Spanking in comics 1896-1918
Although narrative strips and single panel cartoons had existed in various forms since (at least) the 1830s, the modern comic strip only gained a foothold in American newspapers around the end of the nineteenth century. Urban myth credits Richard F. Outcault's Hogan's Alley as the very first American news strip, although as Don Markstein points out in his hypertext encyclopedia, Outcault's position as originator of the artform is debatable at best. Be that as it may, Hogan's Alley serves as a perfect example of early experimentation in the emerging medium. Most newspaper strips of the period were aimed at a wide demographic, making them accessible to readers of all ages and backgrounds. This would play a crucial role in determining appropriate content during this developmental stage.
Following Outcault's example, many early comic strips featured children cast in comical situations. Domestic humor and slapstick comedy naturally dominated the form, allowing cartoonists to depict the more amusing aspects of family life. Seen from this perspective, it was almost a foregone conclusion that spanking would make an early entrance, particularly since domestic corporal punishment was practiced on an almost universal basis at the time. Considered a 'normal' part of both child rearing and education, spanking would figure prominently in sequential art over the next six decades.
The Katzenjammer Kids
The first important newspaper strip to feature regular spanking imagery was Rudolph Dirks' The Katzenjammer Kids (King Features, 1897). Documenting the misadventures of an eternally bickering Germanic family, Dirks' storylines set the title characters, Hans and Fritz, against various beleaguered adults incapable of curbing their wilful misconduct. The main victim of their youthful exuberance was 'The Captain'; a cantankerous old seaman whose main purpose seemed to be falling prey to the boys' devious shenanigans. While Hans and Fritz often got away scott free (their Mama rarely believed they were capable of such perfidy), their behavior would occasionally result in a whipping over the Captain's knee - usually serving as the 'punchline' in the final panel.
This pattern of long-suffering frustration, petty misconduct and climactic punishment would become the template for the numerous comic strips that followed in the Katzenjammers' wake. With only minor variations, this basic scenario would be repeated across a range of titles, genres and characters. In some instances, spanking was employed as an integral component of the storyline, as was the case with Richard Outcault's Buster Brown (New York Herald, 1902).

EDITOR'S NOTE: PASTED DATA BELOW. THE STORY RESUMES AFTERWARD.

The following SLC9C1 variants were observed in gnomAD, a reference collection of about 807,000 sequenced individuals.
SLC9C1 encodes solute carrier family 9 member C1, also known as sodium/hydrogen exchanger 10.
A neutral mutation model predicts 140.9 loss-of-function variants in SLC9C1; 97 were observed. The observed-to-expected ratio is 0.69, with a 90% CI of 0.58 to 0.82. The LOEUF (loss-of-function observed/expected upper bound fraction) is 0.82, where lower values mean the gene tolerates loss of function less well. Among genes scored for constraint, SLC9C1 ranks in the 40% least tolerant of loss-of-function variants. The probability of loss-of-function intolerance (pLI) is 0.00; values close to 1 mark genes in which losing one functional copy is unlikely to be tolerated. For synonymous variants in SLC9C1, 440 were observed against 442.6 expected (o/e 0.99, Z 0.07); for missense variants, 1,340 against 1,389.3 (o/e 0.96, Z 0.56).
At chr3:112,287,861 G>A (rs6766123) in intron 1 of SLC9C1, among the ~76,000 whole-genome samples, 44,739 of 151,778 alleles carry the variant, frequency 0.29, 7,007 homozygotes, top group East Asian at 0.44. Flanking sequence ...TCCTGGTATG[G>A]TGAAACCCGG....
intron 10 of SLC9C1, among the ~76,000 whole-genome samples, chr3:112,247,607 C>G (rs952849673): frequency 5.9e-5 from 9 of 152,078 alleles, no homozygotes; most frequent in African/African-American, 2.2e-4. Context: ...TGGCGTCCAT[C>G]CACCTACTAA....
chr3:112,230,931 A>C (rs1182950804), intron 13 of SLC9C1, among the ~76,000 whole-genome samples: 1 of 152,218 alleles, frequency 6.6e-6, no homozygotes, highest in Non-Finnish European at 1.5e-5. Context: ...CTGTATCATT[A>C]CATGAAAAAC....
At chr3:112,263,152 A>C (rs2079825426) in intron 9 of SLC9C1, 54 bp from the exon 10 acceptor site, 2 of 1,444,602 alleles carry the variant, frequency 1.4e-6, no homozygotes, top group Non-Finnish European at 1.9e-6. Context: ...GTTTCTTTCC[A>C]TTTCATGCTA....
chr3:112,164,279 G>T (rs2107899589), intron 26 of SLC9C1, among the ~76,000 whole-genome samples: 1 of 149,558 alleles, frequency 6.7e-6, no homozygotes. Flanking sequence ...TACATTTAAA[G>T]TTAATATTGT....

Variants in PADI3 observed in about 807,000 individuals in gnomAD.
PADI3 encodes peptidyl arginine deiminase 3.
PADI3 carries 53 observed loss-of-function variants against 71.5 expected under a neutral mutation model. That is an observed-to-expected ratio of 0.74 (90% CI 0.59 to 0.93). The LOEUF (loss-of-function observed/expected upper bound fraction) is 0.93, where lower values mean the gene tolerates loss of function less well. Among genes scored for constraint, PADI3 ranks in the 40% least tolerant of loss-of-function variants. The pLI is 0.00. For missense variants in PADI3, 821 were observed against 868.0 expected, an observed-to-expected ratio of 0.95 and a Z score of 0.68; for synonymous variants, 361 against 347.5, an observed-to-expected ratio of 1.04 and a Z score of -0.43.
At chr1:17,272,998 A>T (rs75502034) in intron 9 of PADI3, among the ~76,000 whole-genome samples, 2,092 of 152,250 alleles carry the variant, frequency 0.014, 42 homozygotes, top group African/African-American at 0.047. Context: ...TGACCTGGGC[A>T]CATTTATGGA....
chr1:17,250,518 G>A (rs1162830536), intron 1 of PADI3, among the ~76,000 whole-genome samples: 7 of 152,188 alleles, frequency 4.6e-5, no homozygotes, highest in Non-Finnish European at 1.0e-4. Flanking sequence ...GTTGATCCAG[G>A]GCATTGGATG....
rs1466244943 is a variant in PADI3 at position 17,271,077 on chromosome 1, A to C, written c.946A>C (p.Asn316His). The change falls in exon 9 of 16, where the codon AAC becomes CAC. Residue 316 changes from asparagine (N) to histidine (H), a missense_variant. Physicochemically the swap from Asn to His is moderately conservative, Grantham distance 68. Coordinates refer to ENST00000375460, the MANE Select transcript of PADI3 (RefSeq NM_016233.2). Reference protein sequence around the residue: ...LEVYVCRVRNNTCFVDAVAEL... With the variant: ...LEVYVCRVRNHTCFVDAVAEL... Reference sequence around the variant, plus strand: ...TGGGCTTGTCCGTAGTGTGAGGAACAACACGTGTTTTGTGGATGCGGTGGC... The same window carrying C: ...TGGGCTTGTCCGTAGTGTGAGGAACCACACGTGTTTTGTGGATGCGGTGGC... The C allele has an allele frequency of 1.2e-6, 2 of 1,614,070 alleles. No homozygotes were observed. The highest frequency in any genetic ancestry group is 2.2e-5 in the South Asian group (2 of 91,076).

Outcault’s approach to Buster Brown was largely formulaic, pitting a mischievous (and rather effeminate) little boy against his aristocratic mother in an interminable battle of wits. Somewhat in parody of the strict moral codes of the early 1900s, Buster’s misconduct was invariably discovered, resulting in swift justice and a formal apology at the end of every episode. The content varied from the Katzenjammer strip in that the focus was shifted away from simple misbehavior (Hans and Fritz weren’t always caught out) to crime and punishment (Buster usually was).
From a structural viewpoint, Buster Brown could be described as a prototypical spanking strip, in that the natural consequence of Buster’s misdemeanors was a spanking (either implied or demonstrated) or some similar juvenile penalty. Subsequently, the punitive element was both integral and fundamental to the storyline. This was an important departure from the original Katzenjammer formula, in that the retributive component was a foregone conclusion. As with modern-day spanking fiction, the reader approached the Buster Brown series with the understanding that the main protagonist would undergo some form of punishment.
Another significant difference between the two strips was that Buster hailed from an affluent, privileged household, whereas The Captain and the Kids were represented as impoverished, uneducated foreigners. A comparative reading of the subtexts might suggest that American children were subject to tighter discipline than immigrants and therefore better behaved – a commonly held belief at the time.
The Outcault strip tended to challenge this view: in spite of his frequent maternal thrashings, Buster’s antics were often as wayward and anti-social as the Katzenjammer boys.' Both strips were given to mocking authority and both flouted contemporary notions of what constituted acceptable behavior in children. In addition, Buster was a most spectacular liar, as demonstrated by his blatantly insincere ‘resolutions’ at the conclusion of each story. Despite Buster’s superficial remorse, the reader understood that the boy had learnt nothing from his latest painful experience and would be back for more the following week. In short, Buster was every bit as irascible and duplicitous as Hans and Fritz, reinforcing the old axiom that ‘boys will be boys’ regardless of class or ethnicity.